Friday, 31 January 2014

More wintery walks... with your dog

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It would be irresponsible of me to recommend dog owners take their dogs to Finikoudes (Palm Beach) in Larnaca, as there as signposts clearly forbidding dogs on this beach (and almost every beach in Cyprus).
But, when I see the beach looking like this.....
Finikoudes Beach in January
... I feel I can let my girl have a run around without bothering anyone

Do be careful walking your dogs here, I have heard of outrageous fines for having dogs on the beach in Cyprus. Still, from November until about April, once all the sun loungers have been collected up, the umbrellas packed away, the kiosks have been locked down, then the beach is perfect for chasing after tennis balls and running around on the sand!

If there are too many people around - too many interesting new smells and sounds - I  can't relax and enjoy our walk, so I avoided this beach with Sage during the summer.  Although I did see quite a few dog walkers here even in June-July.  Just now, in January-February however, it's great for a lunchtime run around. The path has been extended beyond the fortress towards Mackenzie Beach now, meaning you could do a long walk along the coast, all the way from Larnaca marina to Mackenzie.



Path extended beyond the Fortress around to
Mackenzie Beach
If you're looking for somewhere to stop for a warming drink around the seafront here, we have been welcomed by several of the bar owners in this area (see previous post, drinking in Larnaca: http://bit.ly/1hVWPBg)

One of our favourites, however, at least for this time of year, is the Finis Beach Bar. Again, I avoid this place in summer with Sage, as it is located right on the sand. During winter though, it's great to walk down for a drink at the beach bar (open until about 5-6 in the evening) and watch the sea. Staff have always been super friendly to us and Sage, even bringing her water (unasked for) last time, and stopping to pet her.

It can get a bit cold at the Beach Bar, we have always sat outside when we are there with Sage, but you can buy a range of teas, coffees, or hot chocolate to warm you on the inside.

Friday, 24 January 2014

Aphrodite Trail (Cape Gkreko) in the winter ...with your dog

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These last few weeks I've been going back to places I've already discovered, partly just because I enjoyed them the first time, partly because I want to see how they are in different seasons. And my conclusion? Cyprus is even more beautiful in the winter! I love that I can go to the beach with my dog and there is nobody there to yell at us. I love the peace and quiet of the coast, even in places like Ayia Napa, without hordes of tourists. I love that I don't have to spend the middle part of the day hiding out from the sun in an air conditioned room. So far, winter in Cyprus means freedom to explore all the places that are out of bounds, or difficult during the summer, with great weather to enjoy them.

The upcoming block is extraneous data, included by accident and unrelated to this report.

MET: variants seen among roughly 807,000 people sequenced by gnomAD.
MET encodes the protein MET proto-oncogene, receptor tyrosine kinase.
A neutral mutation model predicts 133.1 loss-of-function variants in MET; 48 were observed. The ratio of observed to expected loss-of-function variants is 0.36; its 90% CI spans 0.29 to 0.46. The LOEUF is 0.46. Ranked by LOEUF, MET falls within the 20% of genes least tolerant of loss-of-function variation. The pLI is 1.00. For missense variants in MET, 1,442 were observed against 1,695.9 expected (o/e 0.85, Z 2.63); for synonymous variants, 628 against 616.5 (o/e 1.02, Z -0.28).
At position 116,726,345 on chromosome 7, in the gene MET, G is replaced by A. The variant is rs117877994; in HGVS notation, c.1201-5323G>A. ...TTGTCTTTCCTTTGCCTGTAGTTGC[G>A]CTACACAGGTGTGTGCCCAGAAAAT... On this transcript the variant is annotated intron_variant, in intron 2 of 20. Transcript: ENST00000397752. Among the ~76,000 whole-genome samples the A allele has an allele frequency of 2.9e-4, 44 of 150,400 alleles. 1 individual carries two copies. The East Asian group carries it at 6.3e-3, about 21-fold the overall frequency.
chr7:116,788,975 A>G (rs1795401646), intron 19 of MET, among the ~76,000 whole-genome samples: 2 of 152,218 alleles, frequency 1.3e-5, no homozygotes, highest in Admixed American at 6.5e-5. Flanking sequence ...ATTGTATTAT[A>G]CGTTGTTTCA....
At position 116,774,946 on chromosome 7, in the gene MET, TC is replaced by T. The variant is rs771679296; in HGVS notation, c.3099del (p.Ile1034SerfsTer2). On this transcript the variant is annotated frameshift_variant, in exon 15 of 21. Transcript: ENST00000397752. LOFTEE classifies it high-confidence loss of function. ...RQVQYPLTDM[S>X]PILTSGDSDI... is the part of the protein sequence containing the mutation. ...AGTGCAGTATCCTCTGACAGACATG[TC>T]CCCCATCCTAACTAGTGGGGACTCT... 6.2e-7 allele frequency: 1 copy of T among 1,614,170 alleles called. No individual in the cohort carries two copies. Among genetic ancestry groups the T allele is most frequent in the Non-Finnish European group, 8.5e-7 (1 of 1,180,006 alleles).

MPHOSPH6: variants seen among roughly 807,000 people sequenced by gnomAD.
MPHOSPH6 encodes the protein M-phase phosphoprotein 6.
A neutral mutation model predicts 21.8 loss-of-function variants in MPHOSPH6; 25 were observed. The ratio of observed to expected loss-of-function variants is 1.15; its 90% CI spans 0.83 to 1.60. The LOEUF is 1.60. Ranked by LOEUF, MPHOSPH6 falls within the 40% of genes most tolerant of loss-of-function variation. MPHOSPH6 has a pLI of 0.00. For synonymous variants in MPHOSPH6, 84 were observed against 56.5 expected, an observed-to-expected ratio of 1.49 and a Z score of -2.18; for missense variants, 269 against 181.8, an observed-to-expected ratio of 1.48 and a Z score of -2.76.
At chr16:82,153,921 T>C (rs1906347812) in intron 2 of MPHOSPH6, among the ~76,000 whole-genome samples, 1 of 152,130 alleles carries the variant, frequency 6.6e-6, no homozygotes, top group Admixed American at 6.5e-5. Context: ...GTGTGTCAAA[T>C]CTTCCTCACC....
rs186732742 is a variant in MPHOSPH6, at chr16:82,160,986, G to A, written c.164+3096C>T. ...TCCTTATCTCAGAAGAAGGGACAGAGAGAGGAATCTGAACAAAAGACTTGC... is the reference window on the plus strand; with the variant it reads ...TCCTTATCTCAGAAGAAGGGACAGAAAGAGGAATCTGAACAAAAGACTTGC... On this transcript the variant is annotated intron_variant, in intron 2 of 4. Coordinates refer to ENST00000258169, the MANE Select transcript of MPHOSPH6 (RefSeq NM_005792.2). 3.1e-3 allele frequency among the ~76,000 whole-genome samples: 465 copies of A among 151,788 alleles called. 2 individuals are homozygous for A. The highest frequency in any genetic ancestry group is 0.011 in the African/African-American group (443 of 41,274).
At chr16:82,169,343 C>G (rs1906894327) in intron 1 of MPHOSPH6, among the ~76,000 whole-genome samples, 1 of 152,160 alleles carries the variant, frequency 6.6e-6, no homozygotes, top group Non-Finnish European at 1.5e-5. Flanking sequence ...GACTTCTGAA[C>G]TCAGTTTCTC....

I recently went back to the coastal area between the two tourist resorts of Ayia Napa and Protaras - Cape Gkreko. This area was great in summer too - with few people on the paths, and some rocky areas to climb down to the sea to cool off.

However, every time I had been here in the summer season, the tranquility was shattered by day tripper boats which take out groups of tourists to party on board, and blast music and games over waters with megaphones (people having fun! Bah humbug!)  There is also absolutely no shade on this entire peninsular, which we learned the hard way one very hot day last June.

In the summer months, I would recommend this as a good place for an early evening walk, and perhaps a swim. In the winter, it's better to make the most of the warmer midday sun, and enjoy this area from about 11-15.00.

This time round, Sage and I started our walk from a point near the 'entrance' to the cape, where there are signs for the Aphrodite Trail. The trail was a bit confusing, I must admit. The information board says that this 2km trail is part of the Aphrodite Cultural Route (also found at Paphos), although  nothing remains of any religious site here, and no further information is available. After what seemed like much less than 2km I reached a point where signs directed me onto different paths altogether, either towards the sea caves or to the Agii Anargyri church, and I realised I had somehow finished/lost the Aphrodite Trail.

I continued down towards the promontory, trying to decide which route I should take, as the scenery in both directions was spectacular. In the end I followed the path around to the Agii Anargyri church, simply because it was a slightly longer walk (2.5km from the end of the Aphrodite Trail as opposed to 1km to the Sea Caves). Here is the link to the CTO page on walks around Cape Gkreko:  http://bit.ly/1jIDLaI            

Out on the promontory, I couldn't believe how green everything was. I am used to a white, arid, dusty Cyprus (which is also beautiful in its own way), but to see a field of grass, and new green plants growing around the coast was really special. 

The only other people I saw all day were some cyclists out with their dogs around this promontory, and some fishermen around by the church.

We walked around as far as the picnic area on the way to Konnos Bay, stopping to explore the sea cave behind the Agii Anargyri church. I got a bit nervous at the cave by the church. There is apparently Holy Water there, but I wasn't brave enough to go and investigate (I had a neurotic panic that Sage would get swept in and I would have to jump in after her, and there was nobody around to help us back to shore....anyway....)

A final couple of notes:
Be a bit careful of the ferrel cats that have made a home around the church - I counted at least 6 of them and they looked they could see off a threat to their territory if they wanted to.

The water tap at the church wasn't working when I last visited - carry water for your dog with you just in case.

This is the post I wrote about Cape Gkreko after our summer visit: http://bit.ly/1fhqzXu


Friday, 17 January 2014

Explore the coast around Governor's Beach...with your dog

Around the coast from Governor's Beach
I have been making the most of winter, exploring parts of Cyprus that would be too busy in summer to go to with my dog. As well as being fewer people around, the weather is also much better for hiking and being outdoors, as you don't have to plan your day to avoid the midday heat, or carry litres and litres of water wherever you go.